NBL and MDR were both in the business of compiling and selling mailing lists. Plaintiff began working for NBL on January 20, 1969, and continued in its employ for approximately 15 years as an executive secretary to NBL's president, Leo Ganz.
In 1984 NBL started down a staggered path to dissolution. MDR's president, Herbert Lobsenz, entered into negotiations for the purchase of NBL, and in June 1984 NBL Acquisition Corporation, a wholly-owned subsidiary of MDR, purchased almost all of NBL's stock. Soon thereafter NBL Acquisitions Corporation and NBL merged. The newly-formed NBL remained a subsidiary of MDR, although it is unclear to what extent it retained a separate existence. For example, at some point after the sale employee paychecks were paid out of MDR's bank account and the business telephones were answered "NBL-MDR," rather than "NBL."
On June 10, 1986, MDR entered into a purchase agreement to sell substantially all of its assets to Dun & Bradstreet ("D&B"). The proceeds from the sale were placed in MDR Liquidating Corporation, which was later converted to its successor, MDR Liquidating Trust.
Plaintiff continued to work as Ganz's secretary for approximately six months after the sale of NBL's stock to MDR. When Ganz ceased working plaintiff worked as an executive secretary for MDR at the same salary, although the parties dispute whether the benefits remained substantially the same (pl. stmt. of mat. facts at 3, n.2). The parties also dispute whether plaintiff's responsibilities remained the same as they were prior to the sale of NBL to MDR. Plaintiff contends that with MDR, and certainly later with D&B, she ceased working as an executive secretary for the president of the company and began working for a variety of people in capacities for which she was over-qualified. After the sale to D&B she reported for work at a new address once, merely to protest her new assignment and to see whether she would be placed in a position to her liking. On October 27, 1986, she ceased working because matters had not improved.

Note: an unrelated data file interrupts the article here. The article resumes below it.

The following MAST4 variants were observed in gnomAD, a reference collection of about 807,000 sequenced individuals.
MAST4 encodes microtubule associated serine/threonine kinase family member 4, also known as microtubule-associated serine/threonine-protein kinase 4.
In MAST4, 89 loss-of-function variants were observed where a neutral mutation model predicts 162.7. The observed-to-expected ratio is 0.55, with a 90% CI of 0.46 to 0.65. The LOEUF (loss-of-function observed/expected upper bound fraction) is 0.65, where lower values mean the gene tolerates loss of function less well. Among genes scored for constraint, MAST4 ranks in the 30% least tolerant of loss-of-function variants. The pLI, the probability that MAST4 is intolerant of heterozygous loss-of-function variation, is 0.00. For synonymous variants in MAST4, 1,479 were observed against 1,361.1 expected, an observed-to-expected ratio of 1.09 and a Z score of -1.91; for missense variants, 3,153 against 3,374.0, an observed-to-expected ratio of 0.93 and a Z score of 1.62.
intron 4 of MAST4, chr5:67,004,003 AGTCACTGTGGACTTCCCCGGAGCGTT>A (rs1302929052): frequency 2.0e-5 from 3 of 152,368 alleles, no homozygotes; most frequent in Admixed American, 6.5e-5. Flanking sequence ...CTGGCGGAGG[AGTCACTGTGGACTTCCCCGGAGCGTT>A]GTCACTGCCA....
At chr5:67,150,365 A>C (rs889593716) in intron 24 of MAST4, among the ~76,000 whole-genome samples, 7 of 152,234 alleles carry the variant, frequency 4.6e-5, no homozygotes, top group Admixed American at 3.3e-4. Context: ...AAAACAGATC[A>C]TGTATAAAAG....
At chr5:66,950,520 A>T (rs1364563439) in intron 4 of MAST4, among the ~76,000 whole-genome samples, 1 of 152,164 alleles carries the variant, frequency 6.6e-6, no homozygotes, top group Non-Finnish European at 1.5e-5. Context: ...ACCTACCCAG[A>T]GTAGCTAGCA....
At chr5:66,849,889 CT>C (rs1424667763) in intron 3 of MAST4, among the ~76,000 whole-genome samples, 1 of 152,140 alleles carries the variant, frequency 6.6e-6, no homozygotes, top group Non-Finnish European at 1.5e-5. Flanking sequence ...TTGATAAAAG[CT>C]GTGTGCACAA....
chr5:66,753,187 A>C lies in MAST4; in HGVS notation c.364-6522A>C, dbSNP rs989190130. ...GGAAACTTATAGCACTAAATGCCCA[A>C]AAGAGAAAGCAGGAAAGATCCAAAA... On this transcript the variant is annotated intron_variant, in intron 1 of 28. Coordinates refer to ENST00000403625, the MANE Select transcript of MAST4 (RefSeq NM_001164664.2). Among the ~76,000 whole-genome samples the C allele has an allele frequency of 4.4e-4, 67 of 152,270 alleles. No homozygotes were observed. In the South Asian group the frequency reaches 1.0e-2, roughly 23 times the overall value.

Plaintiff subsequently applied for unemployment benefits. A claims adjudicator of the Illinois Department of Labor denied her claim, finding that she had voluntarily quit her job with MDR without cause. This decision was based on written submissions by plaintiff and defendant, and no evidentiary hearing was held. Plaintiff later failed to appear at an appeal of this denial.
NBL had a tradition of providing a number of its valued long-term employees with pensions or severance pay upon termination of their employment. Although there was no written NBL policy on these matters prior to its sale to MDR, Ganz had a practice of rewarding some retiring or departing employees with pensions based upon their length of service and devotion to NBL (Ganz dep. at 71-74). This concern for NBL employees was present during the negotiations for sale of NBL to MDR. Ganz contacted the personnel director at NBL to obtain a list of all employees who had served more than five years (Ganz dep. at 32). After some negotiations with Lobsenz, Ganz inserted into the purchase agreement a provision of rights to a lifetime pension and severance pay for a select group of NBL employees
(Lobsenz dep. at 89).
The severance pay policies provide normal severance pay to anyone employed with NBL for more than two years who is "terminated for normal business reasons." The policies also provide special benefits to three named employees -- plaintiff included -- if "terminated within five years after date of sale." It provides for normal severance pay plus a "lifetime pension" at "20% of her highest annual salary earned while working for NBL" if she is "terminated for any reason except cause" (cplt., exh.1). The plan does not further define the term "terminated."
Ganz states that he informed his employees of this policy. It is undisputed that MDR did not provide plaintiff with a copy, a summary or any other documents regarding this policy prior to the present litigation.
On April 24, 1987, counsel for plaintiff wrote Lobsenz requesting severance pay pursuant to the policy, asserting that the sale of the company constituted a termination of plaintiff's employment.
the letter states, in clear terms, that the law firm represents plaintiff in her claim for benefits; it describes the facts under which she believes she is entitled to payment and requests arrangement for payment.
Defendants' actions after receiving this letter are somewhat confusing. Lobsenz stated in his deposition that MDR had an informal claims procedure, yet it is evident from his testimony that MDR had no claims procedure at all, either initially or for review of claim denials. Indeed, Lobsenz refused to recognize counsel's letter as a claim for severance pay, and when pressed to admit that at some point plaintiff's claim was denied, he refused to take responsibility for the decision. The relevant deposition testimony is too lengthy to reproduce here in its entirety. See generally Lobsenz dep. at 74-82. However, some excerpts provide the tenor of Lobsenz's testimony during those proceedings:
Q. Who made the decision on behalf of MDR or MDR Liquidating Corporation whether to provide [plaintiff] with the benefits?